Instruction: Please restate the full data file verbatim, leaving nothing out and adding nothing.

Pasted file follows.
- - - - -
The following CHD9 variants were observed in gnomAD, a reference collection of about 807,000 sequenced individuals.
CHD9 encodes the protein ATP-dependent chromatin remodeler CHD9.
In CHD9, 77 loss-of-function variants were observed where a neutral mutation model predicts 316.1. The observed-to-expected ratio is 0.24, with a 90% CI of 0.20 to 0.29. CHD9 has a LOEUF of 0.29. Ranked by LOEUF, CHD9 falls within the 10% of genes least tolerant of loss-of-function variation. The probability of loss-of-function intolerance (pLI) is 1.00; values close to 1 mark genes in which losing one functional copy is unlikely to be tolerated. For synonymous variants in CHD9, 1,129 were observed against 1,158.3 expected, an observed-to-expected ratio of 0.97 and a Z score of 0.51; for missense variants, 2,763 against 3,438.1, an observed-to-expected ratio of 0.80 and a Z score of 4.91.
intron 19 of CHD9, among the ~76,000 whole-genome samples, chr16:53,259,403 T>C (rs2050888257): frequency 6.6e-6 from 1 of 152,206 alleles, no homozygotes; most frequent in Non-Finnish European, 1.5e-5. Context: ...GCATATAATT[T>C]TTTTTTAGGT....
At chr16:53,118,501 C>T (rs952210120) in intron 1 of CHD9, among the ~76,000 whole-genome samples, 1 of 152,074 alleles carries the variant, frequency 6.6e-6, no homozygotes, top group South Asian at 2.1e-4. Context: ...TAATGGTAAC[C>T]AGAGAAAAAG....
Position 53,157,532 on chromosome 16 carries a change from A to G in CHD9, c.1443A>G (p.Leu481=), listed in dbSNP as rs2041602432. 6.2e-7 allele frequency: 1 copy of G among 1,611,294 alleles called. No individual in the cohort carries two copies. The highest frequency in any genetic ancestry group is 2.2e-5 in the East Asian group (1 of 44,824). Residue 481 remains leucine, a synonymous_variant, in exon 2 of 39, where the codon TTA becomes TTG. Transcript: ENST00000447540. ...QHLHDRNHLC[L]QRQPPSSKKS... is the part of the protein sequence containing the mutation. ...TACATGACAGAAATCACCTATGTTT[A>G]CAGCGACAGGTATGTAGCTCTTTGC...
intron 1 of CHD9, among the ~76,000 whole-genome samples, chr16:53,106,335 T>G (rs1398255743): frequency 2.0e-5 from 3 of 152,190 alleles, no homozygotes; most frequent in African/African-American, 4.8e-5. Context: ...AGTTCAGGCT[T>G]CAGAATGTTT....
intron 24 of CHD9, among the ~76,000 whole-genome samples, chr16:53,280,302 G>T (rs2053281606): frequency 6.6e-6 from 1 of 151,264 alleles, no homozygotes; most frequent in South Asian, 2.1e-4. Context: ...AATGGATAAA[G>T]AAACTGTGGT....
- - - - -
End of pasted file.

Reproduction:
The following CHD9 variants were observed in gnomAD, a reference collection of about 807,000 sequenced individuals.
CHD9 encodes the protein ATP-dependent chromatin remodeler CHD9.
In CHD9, 77 loss-of-function variants were observed where a neutral mutation model predicts 316.1. The observed-to-expected ratio is 0.24, with a 90% CI of 0.20 to 0.29. CHD9 has a LOEUF of 0.29. Ranked by LOEUF, CHD9 falls within the 10% of genes least tolerant of loss-of-function variation. The probability of loss-of-function intolerance (pLI) is 1.00; values close to 1 mark genes in which losing one functional copy is unlikely to be tolerated. For synonymous variants in CHD9, 1,129 were observed against 1,158.3 expected, an observed-to-expected ratio of 0.97 and a Z score of 0.51; for missense variants, 2,763 against 3,438.1, an observed-to-expected ratio of 0.80 and a Z score of 4.91.
intron 19 of CHD9, among the ~76,000 whole-genome samples, chr16:53,259,403 T>C (rs2050888257): frequency 6.6e-6 from 1 of 152,206 alleles, no homozygotes; most frequent in Non-Finnish European, 1.5e-5. Context: ...GCATATAATT[T>C]TTTTTTAGGT....
At chr16:53,118,501 C>T (rs952210120) in intron 1 of CHD9, among the ~76,000 whole-genome samples, 1 of 152,074 alleles carries the variant, frequency 6.6e-6, no homozygotes, top group South Asian at 2.1e-4. Context: ...TAATGGTAAC[C>T]AGAGAAAAAG....
Position 53,157,532 on chromosome 16 carries a change from A to G in CHD9, c.1443A>G (p.Leu481=), listed in dbSNP as rs2041602432. 6.2e-7 allele frequency: 1 copy of G among 1,611,294 alleles called. No individual in the cohort carries two copies. The highest frequency in any genetic ancestry group is 2.2e-5 in the East Asian group (1 of 44,824). Residue 481 remains leucine, a synonymous_variant, in exon 2 of 39, where the codon TTA becomes TTG. Transcript: ENST00000447540. ...QHLHDRNHLC[L]QRQPPSSKKS... is the part of the protein sequence containing the mutation. ...TACATGACAGAAATCACCTATGTTT[A>G]CAGCGACAGGTATGTAGCTCTTTGC...
intron 1 of CHD9, among the ~76,000 whole-genome samples, chr16:53,106,335 T>G (rs1398255743): frequency 2.0e-5 from 3 of 152,190 alleles, no homozygotes; most frequent in African/African-American, 4.8e-5. Context: ...AGTTCAGGCT[T>G]CAGAATGTTT....
intron 24 of CHD9, among the ~76,000 whole-genome samples, chr16:53,280,302 G>T (rs2053281606): frequency 6.6e-6 from 1 of 151,264 alleles, no homozygotes; most frequent in South Asian, 2.1e-4. Context: ...AATGGATAAA[G>T]AAACTGTGGT....